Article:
Missy

Superstar

Posts: 4,415

Reg: Oct 3rd 2005

  • Send private message

5

Monday, April 24th 2006, 12:49pm

I find that having to feed in the loo is quite absurd! Would they eat their dinner i nthere?? 8o

xxx








4 baby angels, forever in our hearts




* CLICK *
TO SUPPORT FZ!

Bells

ADMINISTRATOR

    United Kingdom

Posts: 14,475

Thanks: 40 / 66

  • Send private message

6

Monday, April 24th 2006, 1:26pm

When my first baby was small we went to the Trafford Centre for something to eat. Just as our food arrived the baby woke up and wanted a feed. I asked where I could feed and was told that the feeding room was downstairs or I could take her in the loo. So off I toddled to the loo and balanced on the loo seat while my dinner was going cold in the restaurant.

That was the first and last time I fed her somewhere that wasn't convenient to me or her.

Since then I fed wherever I wanted to (within reason). I always found somewhere private and didn't make a big deal of the whole thing. By private I mean we would choose to sit in the corner in a restaurant or I would sit with my back to other people.

I found that wearing a jacket of some description helps with privacy. I would undo my bra by putting my hand down the neck of my T Shirt then put my hand up my top and pull my bra down. Then hold baby like I was cuddling her and slip her head inside the front of my jacket. Then it was a quick manouvre to lift my T shirt up 'just' enough to allow her to latch on and then I let go of the T shirt and depending on the fabric of the top I was wearing it rest on the side of her head or bunch up over her cheeks. Wearing a jacket means that no one sees that your top is up from behind and you have some coverage around the side and front too. I only wore a little denim jacket too, it doesn't have to be a big coat.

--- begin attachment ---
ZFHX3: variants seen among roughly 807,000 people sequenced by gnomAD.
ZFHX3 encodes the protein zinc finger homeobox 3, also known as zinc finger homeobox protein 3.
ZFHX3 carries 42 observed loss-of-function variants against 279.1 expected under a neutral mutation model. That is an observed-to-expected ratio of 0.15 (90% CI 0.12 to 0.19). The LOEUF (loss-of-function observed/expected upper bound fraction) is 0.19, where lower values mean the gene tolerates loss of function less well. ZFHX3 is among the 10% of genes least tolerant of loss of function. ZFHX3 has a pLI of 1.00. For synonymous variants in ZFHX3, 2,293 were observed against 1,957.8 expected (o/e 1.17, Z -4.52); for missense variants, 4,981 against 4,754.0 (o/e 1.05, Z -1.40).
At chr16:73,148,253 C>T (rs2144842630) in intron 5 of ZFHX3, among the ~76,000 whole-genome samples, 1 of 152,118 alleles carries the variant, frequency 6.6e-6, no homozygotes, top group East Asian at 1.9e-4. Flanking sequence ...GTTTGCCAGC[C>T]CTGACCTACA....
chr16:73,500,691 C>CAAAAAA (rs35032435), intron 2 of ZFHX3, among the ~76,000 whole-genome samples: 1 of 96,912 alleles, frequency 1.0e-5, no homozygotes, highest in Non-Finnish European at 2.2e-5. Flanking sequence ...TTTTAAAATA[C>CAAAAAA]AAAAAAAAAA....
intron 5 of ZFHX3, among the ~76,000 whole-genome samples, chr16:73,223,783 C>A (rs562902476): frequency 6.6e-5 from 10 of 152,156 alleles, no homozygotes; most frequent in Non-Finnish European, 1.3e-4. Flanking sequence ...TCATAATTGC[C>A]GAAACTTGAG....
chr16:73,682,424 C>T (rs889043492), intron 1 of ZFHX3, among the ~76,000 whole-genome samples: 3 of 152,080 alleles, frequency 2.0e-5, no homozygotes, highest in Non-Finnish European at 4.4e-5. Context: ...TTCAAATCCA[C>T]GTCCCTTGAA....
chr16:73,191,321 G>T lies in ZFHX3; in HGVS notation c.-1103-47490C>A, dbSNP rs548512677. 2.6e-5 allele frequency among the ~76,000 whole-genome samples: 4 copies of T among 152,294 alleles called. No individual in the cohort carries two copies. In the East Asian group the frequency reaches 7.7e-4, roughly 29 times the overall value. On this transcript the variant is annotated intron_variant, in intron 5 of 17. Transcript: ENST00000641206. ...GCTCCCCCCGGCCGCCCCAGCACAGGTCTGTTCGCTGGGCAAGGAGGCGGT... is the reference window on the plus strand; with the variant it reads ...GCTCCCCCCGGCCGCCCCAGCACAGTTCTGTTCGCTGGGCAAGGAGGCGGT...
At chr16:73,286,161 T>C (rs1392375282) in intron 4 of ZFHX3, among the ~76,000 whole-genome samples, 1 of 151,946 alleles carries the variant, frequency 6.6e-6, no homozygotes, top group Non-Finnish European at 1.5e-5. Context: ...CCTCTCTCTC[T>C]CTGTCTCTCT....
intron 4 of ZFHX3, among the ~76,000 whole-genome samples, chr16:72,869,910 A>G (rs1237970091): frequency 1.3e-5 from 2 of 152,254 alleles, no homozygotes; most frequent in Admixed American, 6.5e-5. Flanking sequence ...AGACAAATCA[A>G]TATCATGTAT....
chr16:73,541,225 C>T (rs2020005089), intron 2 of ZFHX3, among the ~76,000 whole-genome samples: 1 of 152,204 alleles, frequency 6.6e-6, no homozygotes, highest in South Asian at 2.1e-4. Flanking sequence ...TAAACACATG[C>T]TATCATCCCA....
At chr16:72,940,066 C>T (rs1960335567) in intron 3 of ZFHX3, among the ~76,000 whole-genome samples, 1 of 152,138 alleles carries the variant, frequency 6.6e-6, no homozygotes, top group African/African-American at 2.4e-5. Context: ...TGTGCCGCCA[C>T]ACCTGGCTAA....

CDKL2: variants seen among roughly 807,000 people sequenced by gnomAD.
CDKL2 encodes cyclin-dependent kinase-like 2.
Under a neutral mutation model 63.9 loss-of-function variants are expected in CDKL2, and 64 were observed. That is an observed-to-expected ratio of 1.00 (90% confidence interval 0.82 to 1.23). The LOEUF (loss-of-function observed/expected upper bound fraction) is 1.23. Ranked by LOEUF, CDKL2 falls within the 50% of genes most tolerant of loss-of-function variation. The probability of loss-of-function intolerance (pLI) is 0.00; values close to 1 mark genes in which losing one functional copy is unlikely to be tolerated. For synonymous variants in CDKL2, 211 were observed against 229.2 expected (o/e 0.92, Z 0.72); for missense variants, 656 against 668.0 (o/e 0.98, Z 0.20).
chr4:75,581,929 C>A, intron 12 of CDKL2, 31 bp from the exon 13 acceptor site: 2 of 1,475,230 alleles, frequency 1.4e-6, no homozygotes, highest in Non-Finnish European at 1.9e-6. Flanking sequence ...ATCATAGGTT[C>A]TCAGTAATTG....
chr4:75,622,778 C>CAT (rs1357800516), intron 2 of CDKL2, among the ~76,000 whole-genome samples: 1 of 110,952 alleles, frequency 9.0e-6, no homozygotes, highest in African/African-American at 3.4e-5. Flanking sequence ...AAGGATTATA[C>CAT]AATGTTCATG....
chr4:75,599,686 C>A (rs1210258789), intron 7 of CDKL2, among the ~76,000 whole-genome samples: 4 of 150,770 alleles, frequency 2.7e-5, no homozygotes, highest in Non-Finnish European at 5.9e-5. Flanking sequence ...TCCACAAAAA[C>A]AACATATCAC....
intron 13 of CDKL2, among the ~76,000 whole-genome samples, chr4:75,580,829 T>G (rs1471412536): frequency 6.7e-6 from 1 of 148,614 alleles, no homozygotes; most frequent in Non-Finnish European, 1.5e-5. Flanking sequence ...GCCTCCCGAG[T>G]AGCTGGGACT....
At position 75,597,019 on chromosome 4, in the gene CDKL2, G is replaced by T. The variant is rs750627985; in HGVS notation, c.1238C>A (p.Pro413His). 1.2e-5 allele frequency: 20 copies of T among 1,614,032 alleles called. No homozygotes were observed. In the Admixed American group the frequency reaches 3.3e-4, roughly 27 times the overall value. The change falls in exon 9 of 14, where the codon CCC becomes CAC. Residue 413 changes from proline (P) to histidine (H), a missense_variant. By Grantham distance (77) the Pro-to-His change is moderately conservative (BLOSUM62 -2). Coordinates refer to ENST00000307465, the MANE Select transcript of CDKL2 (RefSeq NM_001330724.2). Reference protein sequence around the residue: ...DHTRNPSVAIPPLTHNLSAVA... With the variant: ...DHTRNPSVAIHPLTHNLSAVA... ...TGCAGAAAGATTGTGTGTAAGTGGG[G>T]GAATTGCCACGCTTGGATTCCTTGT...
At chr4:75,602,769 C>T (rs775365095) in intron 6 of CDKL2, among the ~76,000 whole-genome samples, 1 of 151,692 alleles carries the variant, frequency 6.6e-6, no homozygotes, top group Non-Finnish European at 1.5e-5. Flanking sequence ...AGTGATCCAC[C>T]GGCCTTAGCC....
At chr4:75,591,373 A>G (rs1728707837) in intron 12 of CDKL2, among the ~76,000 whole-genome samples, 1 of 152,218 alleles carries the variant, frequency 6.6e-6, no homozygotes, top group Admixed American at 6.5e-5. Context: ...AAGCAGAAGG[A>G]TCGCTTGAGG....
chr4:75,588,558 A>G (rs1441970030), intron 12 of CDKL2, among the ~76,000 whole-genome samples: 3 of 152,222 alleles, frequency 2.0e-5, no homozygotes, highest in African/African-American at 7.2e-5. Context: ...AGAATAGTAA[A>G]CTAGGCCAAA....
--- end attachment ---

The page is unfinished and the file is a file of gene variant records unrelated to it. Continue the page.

If she was being awkward I did what I just said but I slung a blanket over my shoulder too so that it hung down over the baby and the boob I was using. This gives you a bit of room to fiddle about under the blanket without being on show and allows for when baby unlatches themselves without any warning.. I've seen some women with funky scarves/pashminas doing a similar thing.

There will always be times when baby is crying or messing about, people are staring and you're having a hot sweat trying to get her on the boob but you can prepare by having a blanket to hand (a light cellular one or something) and choosing your seats carefully of you're out, just in case she wants an impromptu feed.





mrsjasper

Megastar

Posts: 8,532

Reg: Nov 2nd 2005

Location: Lancashire

Children: 2 gorgeous girls